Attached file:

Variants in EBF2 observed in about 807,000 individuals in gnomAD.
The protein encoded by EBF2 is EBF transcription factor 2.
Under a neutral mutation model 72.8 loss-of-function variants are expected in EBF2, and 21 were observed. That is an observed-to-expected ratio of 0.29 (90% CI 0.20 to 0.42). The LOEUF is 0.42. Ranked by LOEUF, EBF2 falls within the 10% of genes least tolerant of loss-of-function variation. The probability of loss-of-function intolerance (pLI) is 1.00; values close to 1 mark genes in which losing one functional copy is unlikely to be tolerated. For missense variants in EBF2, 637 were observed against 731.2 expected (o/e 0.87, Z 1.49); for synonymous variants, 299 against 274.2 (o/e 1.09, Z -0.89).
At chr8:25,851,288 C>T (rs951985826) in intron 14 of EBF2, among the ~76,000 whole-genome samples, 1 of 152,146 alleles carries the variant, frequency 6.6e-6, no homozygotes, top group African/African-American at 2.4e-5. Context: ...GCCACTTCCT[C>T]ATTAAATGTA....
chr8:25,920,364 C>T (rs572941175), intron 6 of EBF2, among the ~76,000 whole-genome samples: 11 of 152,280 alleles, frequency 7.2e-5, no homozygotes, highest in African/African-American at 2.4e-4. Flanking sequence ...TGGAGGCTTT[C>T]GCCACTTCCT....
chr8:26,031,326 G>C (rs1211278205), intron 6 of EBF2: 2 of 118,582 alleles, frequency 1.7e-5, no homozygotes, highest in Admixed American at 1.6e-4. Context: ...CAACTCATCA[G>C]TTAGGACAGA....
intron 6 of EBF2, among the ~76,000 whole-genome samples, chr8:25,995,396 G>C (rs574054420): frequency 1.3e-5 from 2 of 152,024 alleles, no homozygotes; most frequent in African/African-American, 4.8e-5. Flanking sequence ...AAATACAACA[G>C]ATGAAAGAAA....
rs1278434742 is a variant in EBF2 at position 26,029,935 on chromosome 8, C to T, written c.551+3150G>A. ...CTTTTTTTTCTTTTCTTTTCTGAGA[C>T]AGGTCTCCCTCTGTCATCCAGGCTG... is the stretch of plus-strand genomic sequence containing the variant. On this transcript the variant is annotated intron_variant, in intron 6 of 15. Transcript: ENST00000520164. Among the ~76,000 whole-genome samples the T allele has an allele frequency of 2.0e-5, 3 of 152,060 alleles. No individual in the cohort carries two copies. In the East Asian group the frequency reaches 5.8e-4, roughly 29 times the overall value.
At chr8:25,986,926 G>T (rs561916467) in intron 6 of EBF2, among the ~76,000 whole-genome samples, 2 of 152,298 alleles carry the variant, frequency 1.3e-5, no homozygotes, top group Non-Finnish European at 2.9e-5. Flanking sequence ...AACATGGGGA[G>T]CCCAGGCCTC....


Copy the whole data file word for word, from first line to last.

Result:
Variants in EBF2 observed in about 807,000 individuals in gnomAD.
The protein encoded by EBF2 is EBF transcription factor 2.
Under a neutral mutation model 72.8 loss-of-function variants are expected in EBF2, and 21 were observed. That is an observed-to-expected ratio of 0.29 (90% CI 0.20 to 0.42). The LOEUF is 0.42. Ranked by LOEUF, EBF2 falls within the 10% of genes least tolerant of loss-of-function variation. The probability of loss-of-function intolerance (pLI) is 1.00; values close to 1 mark genes in which losing one functional copy is unlikely to be tolerated. For missense variants in EBF2, 637 were observed against 731.2 expected (o/e 0.87, Z 1.49); for synonymous variants, 299 against 274.2 (o/e 1.09, Z -0.89).
At chr8:25,851,288 C>T (rs951985826) in intron 14 of EBF2, among the ~76,000 whole-genome samples, 1 of 152,146 alleles carries the variant, frequency 6.6e-6, no homozygotes, top group African/African-American at 2.4e-5. Context: ...GCCACTTCCT[C>T]ATTAAATGTA....
chr8:25,920,364 C>T (rs572941175), intron 6 of EBF2, among the ~76,000 whole-genome samples: 11 of 152,280 alleles, frequency 7.2e-5, no homozygotes, highest in African/African-American at 2.4e-4. Flanking sequence ...TGGAGGCTTT[C>T]GCCACTTCCT....
chr8:26,031,326 G>C (rs1211278205), intron 6 of EBF2: 2 of 118,582 alleles, frequency 1.7e-5, no homozygotes, highest in Admixed American at 1.6e-4. Context: ...CAACTCATCA[G>C]TTAGGACAGA....
intron 6 of EBF2, among the ~76,000 whole-genome samples, chr8:25,995,396 G>C (rs574054420): frequency 1.3e-5 from 2 of 152,024 alleles, no homozygotes; most frequent in African/African-American, 4.8e-5. Flanking sequence ...AAATACAACA[G>C]ATGAAAGAAA....
rs1278434742 is a variant in EBF2 at position 26,029,935 on chromosome 8, C to T, written c.551+3150G>A. ...CTTTTTTTTCTTTTCTTTTCTGAGA[C>T]AGGTCTCCCTCTGTCATCCAGGCTG... is the stretch of plus-strand genomic sequence containing the variant. On this transcript the variant is annotated intron_variant, in intron 6 of 15. Transcript: ENST00000520164. Among the ~76,000 whole-genome samples the T allele has an allele frequency of 2.0e-5, 3 of 152,060 alleles. No individual in the cohort carries two copies. In the East Asian group the frequency reaches 5.8e-4, roughly 29 times the overall value.
At chr8:25,986,926 G>T (rs561916467) in intron 6 of EBF2, among the ~76,000 whole-genome samples, 2 of 152,298 alleles carry the variant, frequency 1.3e-5, no homozygotes, top group Non-Finnish European at 2.9e-5. Flanking sequence ...AACATGGGGA[G>T]CCCAGGCCTC....